- The Washington Times - Tuesday, May 22, 2012

Federal prosecutors dealt a major blow to D.C. Mayor Vincent C. Gray on Tuesday, validating high-profile claims by a minor 2010 candidate that Mr. Gray’s campaign paid him to bash incumbent Mayor Adrian M. Fenty during the race.

The prosecution’s case against Thomas W. Gore, a senior aide to Mr. Gray’s 2010 campaign, outlined several payments to Sulaimon Brown, who also claimed he was promised a city job he received in the Gray administration before his firing for poor performance and behavior.

Gore, 56, admitted in federal court that he helped another campaign staffer make donations totaling $660 to Mr. Brown’s campaign - using the names of people who did not make the donations - before destroying a notebook that outlined the payments. Gore said he abetted the process by providing campaign funds.

He pleaded guilty to three misdemeanor charges of making fraudulent campaign donations and a felony count of obstruction of justice.

“In 2010, the voters of the District of Columbia were deceived,” said U.S. Attorney for the District Ronald C. Machen Jr. “Envelopes stuffed with fraudulent money orders prevented the public from knowing that one mayoral campaign was secretly financing the campaign of an opposing candidate.”

Gore is the first person to be charged in a long-running federal probe of Mr. Gray’s campaign activities, an investigation that overshadowed the mayor’s first year in office. The fervor around the probe subsided for a time before a raid on a prolific political donor’s home and offices in March reignited interest in how his 2010 campaign raised money and conducted its affairs.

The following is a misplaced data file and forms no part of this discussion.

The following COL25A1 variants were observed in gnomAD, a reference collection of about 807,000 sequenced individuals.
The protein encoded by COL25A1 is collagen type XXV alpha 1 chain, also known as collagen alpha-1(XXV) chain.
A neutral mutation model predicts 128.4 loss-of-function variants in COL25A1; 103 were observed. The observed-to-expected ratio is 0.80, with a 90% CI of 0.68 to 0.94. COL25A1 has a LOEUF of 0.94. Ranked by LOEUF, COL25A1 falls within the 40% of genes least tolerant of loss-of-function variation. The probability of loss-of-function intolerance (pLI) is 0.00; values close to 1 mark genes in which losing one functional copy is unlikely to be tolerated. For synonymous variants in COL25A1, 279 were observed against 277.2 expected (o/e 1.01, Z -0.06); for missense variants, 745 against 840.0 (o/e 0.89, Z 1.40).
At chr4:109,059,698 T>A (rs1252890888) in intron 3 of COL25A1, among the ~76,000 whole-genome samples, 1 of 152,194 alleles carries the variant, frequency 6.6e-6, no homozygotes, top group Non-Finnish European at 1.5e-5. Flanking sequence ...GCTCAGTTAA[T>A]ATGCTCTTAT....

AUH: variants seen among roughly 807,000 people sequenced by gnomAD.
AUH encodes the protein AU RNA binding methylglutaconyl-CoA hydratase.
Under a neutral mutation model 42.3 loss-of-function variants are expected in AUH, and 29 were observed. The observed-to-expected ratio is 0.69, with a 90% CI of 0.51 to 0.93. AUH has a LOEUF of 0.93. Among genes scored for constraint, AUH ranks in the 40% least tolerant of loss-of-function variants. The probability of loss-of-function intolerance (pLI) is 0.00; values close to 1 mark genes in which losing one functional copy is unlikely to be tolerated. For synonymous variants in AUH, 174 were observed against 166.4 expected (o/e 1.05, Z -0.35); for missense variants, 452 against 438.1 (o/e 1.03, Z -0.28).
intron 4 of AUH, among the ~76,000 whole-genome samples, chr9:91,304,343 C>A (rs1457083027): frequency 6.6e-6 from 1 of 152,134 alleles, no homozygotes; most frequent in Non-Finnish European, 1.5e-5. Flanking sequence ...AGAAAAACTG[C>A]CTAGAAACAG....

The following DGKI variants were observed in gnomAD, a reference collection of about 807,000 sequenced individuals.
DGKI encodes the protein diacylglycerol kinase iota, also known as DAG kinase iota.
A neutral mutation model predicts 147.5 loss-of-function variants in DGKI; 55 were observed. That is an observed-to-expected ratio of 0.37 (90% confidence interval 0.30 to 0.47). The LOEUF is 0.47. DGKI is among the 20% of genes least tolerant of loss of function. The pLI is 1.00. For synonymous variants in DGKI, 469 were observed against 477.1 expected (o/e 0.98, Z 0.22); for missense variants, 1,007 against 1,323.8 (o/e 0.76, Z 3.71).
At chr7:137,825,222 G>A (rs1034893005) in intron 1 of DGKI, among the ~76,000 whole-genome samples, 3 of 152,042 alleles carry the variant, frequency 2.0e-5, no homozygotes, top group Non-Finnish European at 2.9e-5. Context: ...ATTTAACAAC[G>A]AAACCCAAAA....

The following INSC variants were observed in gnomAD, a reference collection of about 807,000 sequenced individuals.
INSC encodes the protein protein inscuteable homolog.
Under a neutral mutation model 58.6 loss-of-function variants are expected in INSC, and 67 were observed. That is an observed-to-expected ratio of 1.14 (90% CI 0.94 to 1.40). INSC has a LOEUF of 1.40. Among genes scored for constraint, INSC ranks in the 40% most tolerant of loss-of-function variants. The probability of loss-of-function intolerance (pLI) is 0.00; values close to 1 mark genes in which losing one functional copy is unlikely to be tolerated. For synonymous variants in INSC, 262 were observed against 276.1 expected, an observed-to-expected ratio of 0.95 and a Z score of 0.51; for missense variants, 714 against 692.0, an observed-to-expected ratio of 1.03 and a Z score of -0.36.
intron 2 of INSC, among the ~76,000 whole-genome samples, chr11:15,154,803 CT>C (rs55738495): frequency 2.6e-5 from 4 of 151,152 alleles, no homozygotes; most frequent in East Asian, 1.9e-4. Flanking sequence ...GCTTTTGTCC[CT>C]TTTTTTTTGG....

Gore served as the Gray campaign’s assistant treasurer, yet he has been described as the go-to contact for financial matters during the race. He also worked on Mr. Gray’s 2004 run for Ward 7 member of the D.C. Council and 2006 run for council chairman.

U.S. District Judge Colleen Kollar-Kotelly told Gore he faced up to 20 years in prison for the felony, but that guidelines call for a sentence of 12 to 18 months based on his lack of a criminal record and potential to cooperate with investigators.

In court, Gore was forced to confirm the names of candidates listed in charging papers, offering the first formal indication that Mr. Brown - whose credibility has been questioned because of his erratic behavior - did not fabricate the notion he was paid by at least one member of Gray’s campaign team.

“Candidate A was the campaign for Vincent Gray. Candidate B was Sulaimon Brown,” Gore said.

Mr. Gray is scheduled to return Tuesday evening from an international shopping center convention in Las Vegas. He has referred questions to his attorney, who declined to comment when Gore’s charges came to light Monday.

Charging documents released Tuesday do not indicate Mr. Gray was aware of any payments to Mr. Brown.

The mayor has denied the allegations against him and repeatedly noted that he called for an investigation into the matter.

Mr. Brown has asserted that Mr. Gray was aware of the furtive payments. He pointed to phone records between him and the mayor and testified before the council that Mr. Gray brought him to an associate outside the Eatonville restaurant in Northwest so he could obtain an envelope full of money.

Mr. Brown has claimed that associate, Howard Brooks, made most of the payments. Although he is not named in charging papers, Mr. Brooks seems to fit with descriptions of “Person A,” who is described in court papers as a campaign staffer who recruited family members to put their names on money orders that were passed to Mr. Brown.

Story Continues →